What we want
We want to expand and upgrade our infrastructure with public services and public financing to strengthen our communities.
We want a national communities strategy that would outline a clear national vision of the importance and nature of public assets and public services. We want public infrastructure and the resources needed to make that vision a reality.
We want accountability through public ownership and control. Strong governance and meaningful relationships among all levels of government would be the principles that would guide a communities strategy.
We want long-term funding commitments for communities. The gas tax transfer must be increased and must continue beyond five years. A New Deal for Cities and Communities should be about building public assets and strengthening public control and accountability. To ensure this, federal contributions for municipal infrastructure must increase. Communities need sufficient funding to invest for the long term.
We want an end to the use of federal infrastructure dollars for public private partnerships (P3s), and contracting out the work of local governments must be prohibited.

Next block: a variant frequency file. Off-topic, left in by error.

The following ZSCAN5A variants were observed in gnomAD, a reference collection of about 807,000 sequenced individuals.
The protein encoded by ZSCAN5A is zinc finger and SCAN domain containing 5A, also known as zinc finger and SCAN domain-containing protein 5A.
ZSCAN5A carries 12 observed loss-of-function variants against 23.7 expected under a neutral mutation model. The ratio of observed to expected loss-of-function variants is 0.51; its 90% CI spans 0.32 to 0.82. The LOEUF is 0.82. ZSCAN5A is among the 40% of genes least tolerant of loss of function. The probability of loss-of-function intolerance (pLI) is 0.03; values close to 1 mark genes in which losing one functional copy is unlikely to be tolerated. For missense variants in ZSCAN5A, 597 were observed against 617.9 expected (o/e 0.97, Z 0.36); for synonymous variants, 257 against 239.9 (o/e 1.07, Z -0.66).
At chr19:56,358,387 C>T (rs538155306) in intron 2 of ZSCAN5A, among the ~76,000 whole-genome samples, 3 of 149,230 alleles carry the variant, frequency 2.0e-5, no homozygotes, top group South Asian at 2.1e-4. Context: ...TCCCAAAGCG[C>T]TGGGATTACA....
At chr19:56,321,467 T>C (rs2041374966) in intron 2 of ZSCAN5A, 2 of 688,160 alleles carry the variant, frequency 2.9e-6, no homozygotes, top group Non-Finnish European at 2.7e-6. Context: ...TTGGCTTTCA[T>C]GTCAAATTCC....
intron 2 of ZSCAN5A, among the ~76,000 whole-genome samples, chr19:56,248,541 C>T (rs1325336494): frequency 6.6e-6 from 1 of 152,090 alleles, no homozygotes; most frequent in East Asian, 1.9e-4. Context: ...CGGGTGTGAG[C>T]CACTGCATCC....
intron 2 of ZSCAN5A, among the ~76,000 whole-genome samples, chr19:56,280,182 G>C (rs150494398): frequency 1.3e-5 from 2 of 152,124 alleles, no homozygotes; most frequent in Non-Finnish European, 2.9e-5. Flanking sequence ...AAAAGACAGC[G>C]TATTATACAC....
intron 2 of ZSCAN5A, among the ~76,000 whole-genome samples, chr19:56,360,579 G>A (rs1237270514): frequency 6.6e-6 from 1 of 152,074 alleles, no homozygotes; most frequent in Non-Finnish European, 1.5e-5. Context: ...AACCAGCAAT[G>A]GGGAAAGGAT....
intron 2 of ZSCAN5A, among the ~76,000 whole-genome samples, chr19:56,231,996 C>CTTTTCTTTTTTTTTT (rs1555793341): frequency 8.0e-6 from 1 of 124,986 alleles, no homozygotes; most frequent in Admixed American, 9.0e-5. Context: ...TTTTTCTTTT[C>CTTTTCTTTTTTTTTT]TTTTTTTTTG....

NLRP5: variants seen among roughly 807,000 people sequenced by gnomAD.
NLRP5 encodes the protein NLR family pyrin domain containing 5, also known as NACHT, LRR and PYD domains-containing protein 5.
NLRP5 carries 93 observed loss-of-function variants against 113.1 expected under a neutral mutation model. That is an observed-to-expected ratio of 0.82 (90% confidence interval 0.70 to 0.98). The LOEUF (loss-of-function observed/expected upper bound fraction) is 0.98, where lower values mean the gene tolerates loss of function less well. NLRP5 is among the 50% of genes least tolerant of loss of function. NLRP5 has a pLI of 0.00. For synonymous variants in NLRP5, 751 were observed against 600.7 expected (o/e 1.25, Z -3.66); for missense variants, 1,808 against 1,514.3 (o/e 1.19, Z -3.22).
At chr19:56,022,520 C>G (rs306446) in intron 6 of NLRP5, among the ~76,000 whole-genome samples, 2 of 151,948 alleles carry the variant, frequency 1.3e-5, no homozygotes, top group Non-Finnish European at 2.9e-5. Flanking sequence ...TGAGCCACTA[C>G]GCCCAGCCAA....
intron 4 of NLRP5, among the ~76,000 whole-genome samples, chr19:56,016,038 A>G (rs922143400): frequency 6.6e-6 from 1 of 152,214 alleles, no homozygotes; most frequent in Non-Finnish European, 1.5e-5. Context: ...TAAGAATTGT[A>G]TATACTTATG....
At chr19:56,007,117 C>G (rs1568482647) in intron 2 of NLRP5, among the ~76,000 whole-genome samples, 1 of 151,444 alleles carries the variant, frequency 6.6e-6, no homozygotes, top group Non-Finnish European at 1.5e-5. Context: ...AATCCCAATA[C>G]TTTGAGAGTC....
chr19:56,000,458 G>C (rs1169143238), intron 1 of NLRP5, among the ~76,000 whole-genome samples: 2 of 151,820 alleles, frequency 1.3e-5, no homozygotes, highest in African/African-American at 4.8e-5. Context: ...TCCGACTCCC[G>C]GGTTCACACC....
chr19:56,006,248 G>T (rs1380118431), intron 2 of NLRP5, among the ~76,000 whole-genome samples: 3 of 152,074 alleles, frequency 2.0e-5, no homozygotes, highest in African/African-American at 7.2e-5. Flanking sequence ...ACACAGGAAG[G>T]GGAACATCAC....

Federal infrastructure agreements tie funding to privatization through contracting out and encourage P3s. These agreements must be redrafted to promote investment in public assets and services that keep our communities strong.
We want initiatives to promote public financing, including issuing bonds and establishing new revenue sources for municipalities. Governments must be compelled to take advantage of the excellent borrowing rates available to them, and reject more expensive private financing for municipal projects:
- The federal government should return to issuing infrastructure bonds so that pension funds can invest in public infrastructure, not in risky and unaccountable privatization schemes that eat away at public revenues for generations and compromise pension plan members’ jobs.
- The federal government could also help by creating agencies that provide lower cost pooled-debt financing for municipalities.
We want a portion of federal income tax permanently earmarked for municipalities.
Property taxes and user fees are insufficient sources of revenue to address municipal responsibilities, and unfairly target poor and working class residents. CUPE supports the big city mayors’ call for a new, reliable source of revenue that grows with the economy.
How the Liberals have failed cities and towns
Despite the talk, the Liberals lack a national strategy for cities and towns. After 12 years in office and multiple surplus budgets, communities are finally on the agenda. But the Martin government has delivered too little and too late.